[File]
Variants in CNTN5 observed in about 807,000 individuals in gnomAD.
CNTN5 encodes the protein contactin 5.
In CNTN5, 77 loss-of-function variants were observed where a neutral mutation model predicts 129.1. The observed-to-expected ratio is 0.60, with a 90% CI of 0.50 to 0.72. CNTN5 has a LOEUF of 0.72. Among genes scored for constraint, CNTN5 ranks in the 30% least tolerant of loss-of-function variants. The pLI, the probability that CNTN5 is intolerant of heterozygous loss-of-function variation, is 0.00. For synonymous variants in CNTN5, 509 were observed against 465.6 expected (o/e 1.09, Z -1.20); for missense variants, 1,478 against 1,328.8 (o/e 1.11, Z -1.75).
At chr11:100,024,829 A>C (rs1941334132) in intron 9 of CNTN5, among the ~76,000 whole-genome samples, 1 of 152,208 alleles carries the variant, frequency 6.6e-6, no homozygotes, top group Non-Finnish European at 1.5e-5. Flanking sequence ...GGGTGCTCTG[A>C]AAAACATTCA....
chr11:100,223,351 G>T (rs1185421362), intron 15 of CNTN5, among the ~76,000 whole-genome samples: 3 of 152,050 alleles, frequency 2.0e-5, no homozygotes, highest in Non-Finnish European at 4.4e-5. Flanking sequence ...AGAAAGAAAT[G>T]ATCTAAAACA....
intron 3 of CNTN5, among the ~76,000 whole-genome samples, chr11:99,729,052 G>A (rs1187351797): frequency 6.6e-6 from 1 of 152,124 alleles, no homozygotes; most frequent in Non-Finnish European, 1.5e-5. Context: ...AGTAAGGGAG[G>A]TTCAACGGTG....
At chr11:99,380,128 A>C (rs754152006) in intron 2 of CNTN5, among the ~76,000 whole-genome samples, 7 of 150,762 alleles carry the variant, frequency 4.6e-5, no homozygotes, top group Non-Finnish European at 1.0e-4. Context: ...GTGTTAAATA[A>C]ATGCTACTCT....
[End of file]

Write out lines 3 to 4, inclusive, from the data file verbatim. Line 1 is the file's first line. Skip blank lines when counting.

In CNTN5, 77 loss-of-function variants were observed where a neutral mutation model predicts 129.1. The observed-to-expected ratio is 0.60, with a 90% CI of 0.50 to 0.72. CNTN5 has a LOEUF of 0.72. Among genes scored for constraint, CNTN5 ranks in the 30% least tolerant of loss-of-function variants. The pLI, the probability that CNTN5 is intolerant of heterozygous loss-of-function variation, is 0.00. For synonymous variants in CNTN5, 509 were observed against 465.6 expected (o/e 1.09, Z -1.20); for missense variants, 1,478 against 1,328.8 (o/e 1.11, Z -1.75).
At chr11:100,024,829 A>C (rs1941334132) in intron 9 of CNTN5, among the ~76,000 whole-genome samples, 1 of 152,208 alleles carries the variant, frequency 6.6e-6, no homozygotes, top group Non-Finnish European at 1.5e-5. Flanking sequence ...GGGTGCTCTG[A>C]AAAACATTCA....